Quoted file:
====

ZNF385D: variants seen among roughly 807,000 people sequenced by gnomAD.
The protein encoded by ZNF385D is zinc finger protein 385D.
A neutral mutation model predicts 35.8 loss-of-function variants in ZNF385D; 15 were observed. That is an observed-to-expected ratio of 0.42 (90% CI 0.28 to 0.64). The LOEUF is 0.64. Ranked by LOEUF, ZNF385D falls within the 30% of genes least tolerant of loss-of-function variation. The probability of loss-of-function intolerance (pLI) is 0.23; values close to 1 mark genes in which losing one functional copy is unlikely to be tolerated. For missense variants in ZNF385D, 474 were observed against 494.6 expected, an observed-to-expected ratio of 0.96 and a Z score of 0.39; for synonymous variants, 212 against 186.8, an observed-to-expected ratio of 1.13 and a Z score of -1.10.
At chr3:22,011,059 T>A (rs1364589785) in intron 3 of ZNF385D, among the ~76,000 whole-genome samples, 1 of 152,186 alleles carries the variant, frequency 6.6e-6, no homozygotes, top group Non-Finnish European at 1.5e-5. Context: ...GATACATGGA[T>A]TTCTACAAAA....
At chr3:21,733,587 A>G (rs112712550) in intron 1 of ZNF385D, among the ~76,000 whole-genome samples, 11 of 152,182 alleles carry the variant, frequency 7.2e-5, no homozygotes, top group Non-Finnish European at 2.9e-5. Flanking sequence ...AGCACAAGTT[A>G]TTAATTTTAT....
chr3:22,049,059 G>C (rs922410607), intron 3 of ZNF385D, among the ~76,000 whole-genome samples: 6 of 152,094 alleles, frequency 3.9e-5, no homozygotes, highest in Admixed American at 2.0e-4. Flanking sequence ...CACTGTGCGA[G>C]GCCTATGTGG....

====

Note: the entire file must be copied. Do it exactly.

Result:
ZNF385D: variants seen among roughly 807,000 people sequenced by gnomAD.
The protein encoded by ZNF385D is zinc finger protein 385D.
A neutral mutation model predicts 35.8 loss-of-function variants in ZNF385D; 15 were observed. That is an observed-to-expected ratio of 0.42 (90% CI 0.28 to 0.64). The LOEUF is 0.64. Ranked by LOEUF, ZNF385D falls within the 30% of genes least tolerant of loss-of-function variation. The probability of loss-of-function intolerance (pLI) is 0.23; values close to 1 mark genes in which losing one functional copy is unlikely to be tolerated. For missense variants in ZNF385D, 474 were observed against 494.6 expected, an observed-to-expected ratio of 0.96 and a Z score of 0.39; for synonymous variants, 212 against 186.8, an observed-to-expected ratio of 1.13 and a Z score of -1.10.
At chr3:22,011,059 T>A (rs1364589785) in intron 3 of ZNF385D, among the ~76,000 whole-genome samples, 1 of 152,186 alleles carries the variant, frequency 6.6e-6, no homozygotes, top group Non-Finnish European at 1.5e-5. Context: ...GATACATGGA[T>A]TTCTACAAAA....
At chr3:21,733,587 A>G (rs112712550) in intron 1 of ZNF385D, among the ~76,000 whole-genome samples, 11 of 152,182 alleles carry the variant, frequency 7.2e-5, no homozygotes, top group Non-Finnish European at 2.9e-5. Flanking sequence ...AGCACAAGTT[A>G]TTAATTTTAT....
chr3:22,049,059 G>C (rs922410607), intron 3 of ZNF385D, among the ~76,000 whole-genome samples: 6 of 152,094 alleles, frequency 3.9e-5, no homozygotes, highest in Admixed American at 2.0e-4. Flanking sequence ...CACTGTGCGA[G>C]GCCTATGTGG....